There’s this whole galaxy of configuration files that float along with every project:
package-lock.json for modules,
.prettierignore for formatting,
.nvmrc for which node version you’re using, a
.husky directory with some git hooks,
.eslintignore for linting the code, maybe a
tsconfig.json for doing TypeScript stuff,
.npmrc for using custom node package registries…
And each one comes with a bristling array of options such that the config surface of any utility is easily mismatched against any prior or future project I’ve worked on. For instance, I don’t know that any TypeScript config I’ve ever used has been easily moved from one project to another.
And, yes, I know there are probably good reasons for this. And, yes, I understand that such hairs are actually the sign of a thriving ecosystem that serves a broad array of users.
But I can’t help wondering if there’s a usability failure here. Extensive configurability surfaces (like preferences dialogs with a gajillion tabs) are sometimes a sign of ceded design responsibilities. They’re also sometimes a sign of bad engineering workarounds and cans kicked down the road.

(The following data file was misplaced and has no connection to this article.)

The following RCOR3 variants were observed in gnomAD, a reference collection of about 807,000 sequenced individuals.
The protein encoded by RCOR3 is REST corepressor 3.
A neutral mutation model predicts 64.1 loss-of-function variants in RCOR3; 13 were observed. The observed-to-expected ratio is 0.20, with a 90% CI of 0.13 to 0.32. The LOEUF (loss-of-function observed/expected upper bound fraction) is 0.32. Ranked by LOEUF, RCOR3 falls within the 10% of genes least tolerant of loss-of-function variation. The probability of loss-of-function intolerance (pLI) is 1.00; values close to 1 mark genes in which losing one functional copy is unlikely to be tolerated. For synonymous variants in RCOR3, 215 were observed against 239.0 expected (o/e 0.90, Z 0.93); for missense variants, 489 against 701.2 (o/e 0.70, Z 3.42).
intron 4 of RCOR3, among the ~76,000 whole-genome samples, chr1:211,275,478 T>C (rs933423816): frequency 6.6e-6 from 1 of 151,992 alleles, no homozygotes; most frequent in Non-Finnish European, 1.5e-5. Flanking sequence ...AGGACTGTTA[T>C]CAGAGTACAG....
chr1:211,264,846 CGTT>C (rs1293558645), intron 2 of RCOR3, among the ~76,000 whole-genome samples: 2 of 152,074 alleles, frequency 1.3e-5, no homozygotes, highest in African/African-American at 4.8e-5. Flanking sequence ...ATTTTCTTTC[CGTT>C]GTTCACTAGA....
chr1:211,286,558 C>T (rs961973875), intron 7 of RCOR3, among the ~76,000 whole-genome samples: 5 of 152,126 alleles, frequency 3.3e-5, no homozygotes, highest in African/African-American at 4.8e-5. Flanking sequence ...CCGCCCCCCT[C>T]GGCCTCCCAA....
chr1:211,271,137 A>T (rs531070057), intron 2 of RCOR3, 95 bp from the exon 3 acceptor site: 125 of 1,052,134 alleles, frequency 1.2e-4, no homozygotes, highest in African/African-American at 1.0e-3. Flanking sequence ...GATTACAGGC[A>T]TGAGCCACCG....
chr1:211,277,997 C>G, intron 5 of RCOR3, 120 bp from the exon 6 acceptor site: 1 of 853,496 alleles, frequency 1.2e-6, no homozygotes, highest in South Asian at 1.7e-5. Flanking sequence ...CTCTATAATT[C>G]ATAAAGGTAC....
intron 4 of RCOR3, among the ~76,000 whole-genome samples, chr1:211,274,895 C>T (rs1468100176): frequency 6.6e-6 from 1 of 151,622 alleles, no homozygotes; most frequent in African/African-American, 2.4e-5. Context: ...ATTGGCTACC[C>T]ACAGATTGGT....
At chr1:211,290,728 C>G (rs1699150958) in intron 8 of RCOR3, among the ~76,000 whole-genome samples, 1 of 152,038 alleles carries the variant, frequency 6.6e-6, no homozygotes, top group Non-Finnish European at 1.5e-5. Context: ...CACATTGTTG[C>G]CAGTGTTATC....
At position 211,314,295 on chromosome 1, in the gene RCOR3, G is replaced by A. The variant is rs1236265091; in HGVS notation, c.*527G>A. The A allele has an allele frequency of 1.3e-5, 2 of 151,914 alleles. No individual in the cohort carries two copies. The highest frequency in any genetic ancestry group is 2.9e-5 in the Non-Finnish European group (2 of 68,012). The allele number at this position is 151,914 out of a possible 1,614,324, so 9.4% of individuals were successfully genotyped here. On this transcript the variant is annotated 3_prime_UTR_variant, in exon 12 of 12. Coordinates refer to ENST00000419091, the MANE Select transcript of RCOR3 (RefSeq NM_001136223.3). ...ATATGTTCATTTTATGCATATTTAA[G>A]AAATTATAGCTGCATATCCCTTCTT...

Not to pick on TypeScript here too much (they’re all guilty), but have you seen
disableSizeLimit? It’s categorized under “Editor Support”. Why is the compiler config worried about bloating the memory of editors? Which editor is it worried about here? I’m pretty sure this was added because of something going on with Visual Studio Code. And Code is a useful editor, and I’m glad we’re keeping it working. But, again, the compiler might have an option turned on to help that editor… sometimes?